Singapore startup Dropsuite, whose platform allows small businesses to backup, recover, and protect their digital assets, is one step closer to listing on the ASX through a reverse takeover of resources company Excalibur Mining after raising the minimum subscription of $5 million.
The company first announced its intention to list in Australia in September, lodging a Prospectus with ASIC looking to raise $8 million at 10 cents per share.
With the minimum now raised, Dropsuite CEO Charif Elansari said, “We are pleased to develop and grow as an Australian listed company and are enthusiastic about the progress that has already been made on a range of fronts that will assist greatly to grow the business from its current level.”
Dropsuite will become the latest in a long line of Singapore-based companies to list on the ASX, joining the likes of Migme, 8Common, and Fat Fish Internet Group.
Also planning to list is shopping mall app Sprooki, which earlier this year appointed former Westpac CIO Bob McKinnon as chairman in preparation.
The raising comes after the announcement of a partnership with Australian domain provider Crazy Domains earlier this week.
The partnership will focus on growth in Europe, the Middle East, and Asia Pacific, with Crazy Domains to distribute and resell Dropsuite’s Dropmysite product to its more than 1.5 million customers in these regions.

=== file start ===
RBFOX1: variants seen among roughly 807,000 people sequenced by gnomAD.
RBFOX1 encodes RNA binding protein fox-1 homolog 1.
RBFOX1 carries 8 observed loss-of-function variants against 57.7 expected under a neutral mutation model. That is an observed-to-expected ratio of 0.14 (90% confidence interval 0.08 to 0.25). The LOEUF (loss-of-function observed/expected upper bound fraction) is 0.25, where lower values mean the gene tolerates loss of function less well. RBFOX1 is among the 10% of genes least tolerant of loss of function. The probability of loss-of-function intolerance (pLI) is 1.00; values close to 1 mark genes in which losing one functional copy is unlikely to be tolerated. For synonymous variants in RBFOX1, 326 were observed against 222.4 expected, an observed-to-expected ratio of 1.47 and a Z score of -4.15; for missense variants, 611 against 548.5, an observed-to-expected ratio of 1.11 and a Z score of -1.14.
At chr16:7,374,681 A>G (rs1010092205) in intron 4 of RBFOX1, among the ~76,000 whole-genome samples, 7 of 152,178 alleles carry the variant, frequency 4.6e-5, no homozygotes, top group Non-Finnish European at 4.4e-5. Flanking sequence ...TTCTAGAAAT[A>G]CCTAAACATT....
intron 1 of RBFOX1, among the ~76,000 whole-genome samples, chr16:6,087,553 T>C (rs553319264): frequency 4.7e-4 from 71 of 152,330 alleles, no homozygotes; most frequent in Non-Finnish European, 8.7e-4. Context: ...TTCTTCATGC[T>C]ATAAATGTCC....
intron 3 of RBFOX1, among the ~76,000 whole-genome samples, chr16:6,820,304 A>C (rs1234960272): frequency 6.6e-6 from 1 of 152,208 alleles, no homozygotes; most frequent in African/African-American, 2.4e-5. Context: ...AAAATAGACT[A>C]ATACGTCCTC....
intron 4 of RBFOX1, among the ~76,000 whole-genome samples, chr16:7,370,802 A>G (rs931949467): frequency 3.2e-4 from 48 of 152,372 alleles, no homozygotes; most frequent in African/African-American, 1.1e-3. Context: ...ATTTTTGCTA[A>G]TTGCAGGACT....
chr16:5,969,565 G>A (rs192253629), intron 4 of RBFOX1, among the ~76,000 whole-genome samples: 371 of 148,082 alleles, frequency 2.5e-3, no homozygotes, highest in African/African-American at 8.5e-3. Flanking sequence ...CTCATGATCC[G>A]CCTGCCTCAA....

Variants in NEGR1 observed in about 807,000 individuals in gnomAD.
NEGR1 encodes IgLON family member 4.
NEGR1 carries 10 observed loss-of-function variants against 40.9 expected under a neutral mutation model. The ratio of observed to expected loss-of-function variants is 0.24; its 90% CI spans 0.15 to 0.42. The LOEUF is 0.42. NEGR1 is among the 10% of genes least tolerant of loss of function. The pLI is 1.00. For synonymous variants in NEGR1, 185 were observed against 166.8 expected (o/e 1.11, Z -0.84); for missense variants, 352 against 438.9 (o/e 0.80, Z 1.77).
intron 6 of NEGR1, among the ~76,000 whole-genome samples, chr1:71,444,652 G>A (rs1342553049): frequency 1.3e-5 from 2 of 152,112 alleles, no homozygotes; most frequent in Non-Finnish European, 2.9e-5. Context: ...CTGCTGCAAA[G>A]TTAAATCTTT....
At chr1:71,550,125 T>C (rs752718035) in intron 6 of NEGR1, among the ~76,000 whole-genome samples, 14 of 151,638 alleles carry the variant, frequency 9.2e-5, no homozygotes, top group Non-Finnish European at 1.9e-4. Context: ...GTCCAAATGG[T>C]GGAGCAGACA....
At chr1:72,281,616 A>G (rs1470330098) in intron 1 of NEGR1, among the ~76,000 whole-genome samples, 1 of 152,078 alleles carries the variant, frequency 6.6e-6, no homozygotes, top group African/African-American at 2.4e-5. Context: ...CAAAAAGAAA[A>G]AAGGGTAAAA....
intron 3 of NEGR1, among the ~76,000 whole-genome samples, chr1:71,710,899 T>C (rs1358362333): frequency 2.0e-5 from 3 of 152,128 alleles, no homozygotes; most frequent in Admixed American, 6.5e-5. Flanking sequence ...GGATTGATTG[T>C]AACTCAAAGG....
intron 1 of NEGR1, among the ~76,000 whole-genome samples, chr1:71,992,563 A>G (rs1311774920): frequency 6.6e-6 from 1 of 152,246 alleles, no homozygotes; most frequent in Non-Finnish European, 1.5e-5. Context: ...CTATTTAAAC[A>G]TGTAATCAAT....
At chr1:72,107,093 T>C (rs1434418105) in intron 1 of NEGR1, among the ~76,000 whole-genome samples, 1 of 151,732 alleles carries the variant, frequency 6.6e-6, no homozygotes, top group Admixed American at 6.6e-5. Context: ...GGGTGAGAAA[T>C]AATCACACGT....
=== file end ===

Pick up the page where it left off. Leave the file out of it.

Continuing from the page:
Dropmysite allows users to schedule automatic backups, monitor website availability and performance, and restore lost or corrupted data.
Ridley Ruth, COO of Dropsuite, said the partnership will focus on small businesses as they are often the hardest impacted by website data loss.
“A website can get hacked, infected by a virus, or critical files can be deleted by mistake resulted in a website’s data being corrupted or the site rendered useless. In fact, most website owners don’t always know that their sites have been compromised until it’s too late,” he said.
According to Dropsuite, over 30,000 websites are hacked each day, while more than 60 percent of small businesses do not routinely back up their data. Across organisations big and small, cybersecurity and cybercrime is costing Australia around $1 billion each year.
The partnership comes after several months of talk about cyber security, with the Federal Government earlier this year launching a $240 million Cyber Security Strategy, IBM unveiling plans to establish a new National Cyber Security Centre in Canberra, and Optus recently announcing an investment of $8 million into an Advanced Security Operations Centre.